Be Aware of these Covid-19 Scams in 2022January 5, 2022 11:44 am
This last year has been quite out-of-the-ordinary, to say the least not only in the medical world but in the home security industry as well. The global health crisis has compelled many of us to work from home or in a hybrid fashion. While this shift to at-home work and remote/hybrid schooling has created some positive statistics, such as a temporary reduction in the number of home break ins, it has also created some criminal opportunities in other areas.
Sadly, where the numbers shift in the other direction in terms of safety are the online and in-person scams related to the coronavirus. Covid-19 scams are at an all time high and are expected to continue into 2022.
While we mainly deal with home and business security and safety issues here at Instant Alarm, we thought it was worth it for our clients to outline some of the covid scams that are ongoing so you can stay vigilant.
Fraud Alert: Top Covid Scams
The U.S. Department of Health and Human Services Office of Inspector General and the Federal Communications Commission (FCC) have been keeping Americans mindful of the multitude of fraud schemes related to the novel coronavirus (COVID-19). Here are a few that you should be aware of both online, in-person, and through social media platforms.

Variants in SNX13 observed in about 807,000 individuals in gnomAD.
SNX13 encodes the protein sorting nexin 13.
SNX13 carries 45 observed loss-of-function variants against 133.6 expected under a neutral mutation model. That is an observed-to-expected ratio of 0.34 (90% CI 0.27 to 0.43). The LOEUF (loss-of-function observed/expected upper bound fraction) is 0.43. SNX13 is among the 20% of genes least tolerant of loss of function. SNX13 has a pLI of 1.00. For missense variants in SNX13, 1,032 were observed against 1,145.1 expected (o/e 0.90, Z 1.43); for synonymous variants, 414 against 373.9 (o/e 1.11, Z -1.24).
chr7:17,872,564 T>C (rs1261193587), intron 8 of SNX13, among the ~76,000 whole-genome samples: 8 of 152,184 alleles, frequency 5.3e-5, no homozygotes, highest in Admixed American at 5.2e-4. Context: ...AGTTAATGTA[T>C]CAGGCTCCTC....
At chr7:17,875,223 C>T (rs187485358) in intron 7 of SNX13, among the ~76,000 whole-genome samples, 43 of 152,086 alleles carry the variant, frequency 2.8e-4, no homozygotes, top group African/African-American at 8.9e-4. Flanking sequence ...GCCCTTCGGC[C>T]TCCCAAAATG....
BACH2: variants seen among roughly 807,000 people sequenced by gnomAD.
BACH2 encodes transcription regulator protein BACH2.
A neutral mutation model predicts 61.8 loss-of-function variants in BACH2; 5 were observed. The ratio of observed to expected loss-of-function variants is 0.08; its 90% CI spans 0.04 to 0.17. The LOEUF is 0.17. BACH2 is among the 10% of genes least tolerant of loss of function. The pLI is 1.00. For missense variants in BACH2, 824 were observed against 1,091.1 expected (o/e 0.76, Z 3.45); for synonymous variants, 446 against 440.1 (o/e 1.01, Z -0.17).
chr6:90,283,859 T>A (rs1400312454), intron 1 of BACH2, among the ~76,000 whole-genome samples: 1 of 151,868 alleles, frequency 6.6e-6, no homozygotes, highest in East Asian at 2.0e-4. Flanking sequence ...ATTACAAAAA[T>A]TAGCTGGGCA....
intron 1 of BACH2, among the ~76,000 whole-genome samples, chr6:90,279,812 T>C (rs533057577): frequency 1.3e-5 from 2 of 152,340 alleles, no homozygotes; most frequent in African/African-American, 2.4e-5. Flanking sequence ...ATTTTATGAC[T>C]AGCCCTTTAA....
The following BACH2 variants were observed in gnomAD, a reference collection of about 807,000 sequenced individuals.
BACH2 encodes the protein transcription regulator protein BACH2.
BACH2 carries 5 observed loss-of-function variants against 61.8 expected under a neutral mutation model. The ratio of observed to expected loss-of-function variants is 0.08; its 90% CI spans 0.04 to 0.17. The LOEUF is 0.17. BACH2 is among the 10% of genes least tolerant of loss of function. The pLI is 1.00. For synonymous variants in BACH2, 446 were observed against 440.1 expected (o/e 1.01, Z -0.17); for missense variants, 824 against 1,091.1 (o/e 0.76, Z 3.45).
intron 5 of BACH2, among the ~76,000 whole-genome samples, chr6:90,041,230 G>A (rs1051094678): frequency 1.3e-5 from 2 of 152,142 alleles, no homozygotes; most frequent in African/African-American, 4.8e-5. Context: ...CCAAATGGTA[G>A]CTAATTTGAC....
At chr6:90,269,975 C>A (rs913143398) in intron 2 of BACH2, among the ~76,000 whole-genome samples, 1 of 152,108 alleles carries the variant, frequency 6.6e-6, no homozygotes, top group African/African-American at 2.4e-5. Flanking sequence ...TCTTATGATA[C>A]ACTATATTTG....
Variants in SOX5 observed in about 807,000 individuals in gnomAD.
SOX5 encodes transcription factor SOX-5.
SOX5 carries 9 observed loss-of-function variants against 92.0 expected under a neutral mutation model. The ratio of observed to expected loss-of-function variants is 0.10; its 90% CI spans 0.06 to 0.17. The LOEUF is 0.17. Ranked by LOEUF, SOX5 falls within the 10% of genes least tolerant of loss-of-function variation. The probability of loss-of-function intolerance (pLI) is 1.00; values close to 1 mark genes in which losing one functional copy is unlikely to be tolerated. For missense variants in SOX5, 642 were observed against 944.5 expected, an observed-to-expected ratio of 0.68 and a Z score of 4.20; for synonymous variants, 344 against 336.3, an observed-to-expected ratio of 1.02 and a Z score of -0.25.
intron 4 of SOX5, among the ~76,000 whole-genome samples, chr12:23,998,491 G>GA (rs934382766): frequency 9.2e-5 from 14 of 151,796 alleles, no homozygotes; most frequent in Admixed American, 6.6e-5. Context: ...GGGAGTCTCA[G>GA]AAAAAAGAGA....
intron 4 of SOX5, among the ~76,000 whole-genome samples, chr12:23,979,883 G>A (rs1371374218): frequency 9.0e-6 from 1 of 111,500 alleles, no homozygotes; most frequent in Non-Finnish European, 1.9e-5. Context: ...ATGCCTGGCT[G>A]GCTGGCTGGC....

Some of the most common methods being used to scam Americans include: telemarketing calls, text messages, social media platforms, and door-to-door visits.
One of the most common frauds throughout the pandemic has been in the area of vaccine scams. Initially, scammers would go door-to-door to “offer” free vaccines before there even was one, using that chance to case the home to see if it was occupied prior to a break in.
As the pandemic continued, these vaccine scams evolved into online surveys and telemarketing calls requesting private information to be shared which would make a person vulnerable to identity theft or credit card theft if the request involved a payment of some sort in exchange for the vaccine.
Similar to vaccine scams, insurance scams encourage unsuspecting victims to give personal information either over the phone or online that could put them at risk for identity theft.
We suggest not giving any information out to organizations unless you research them or call them directly. This is most certainly true in regards to giving out payment information or personal info that could be used in malicious ways such as your social security number or credit card information.
Ways to Protect Yourself
The Department of Health & Human Services suggests some simple ways to protect yourself and your senior neighbors/parents.
- Ignore offers or advertisements for COVID-19 testing or treatments on social media sites. If you make an appointment for a COVID-19 test online, make sure the location is an official testing site.
- Do not give your personal or financial information to anyone claiming to offer HHS grants related to COVID-19 or any other reasons. In fact, never share your personal or financial information via email, text messages, or over the phone.
- Be aware of scammers pretending to be COVID-19 contact tracers. Legitimate contact tracers will never ask for your Medicare number, financial information, or attempt to set up a COVID-19 test for you and collect payment information for the test.
- Always check on a charity (for example, by calling or looking at its actual website) before donating.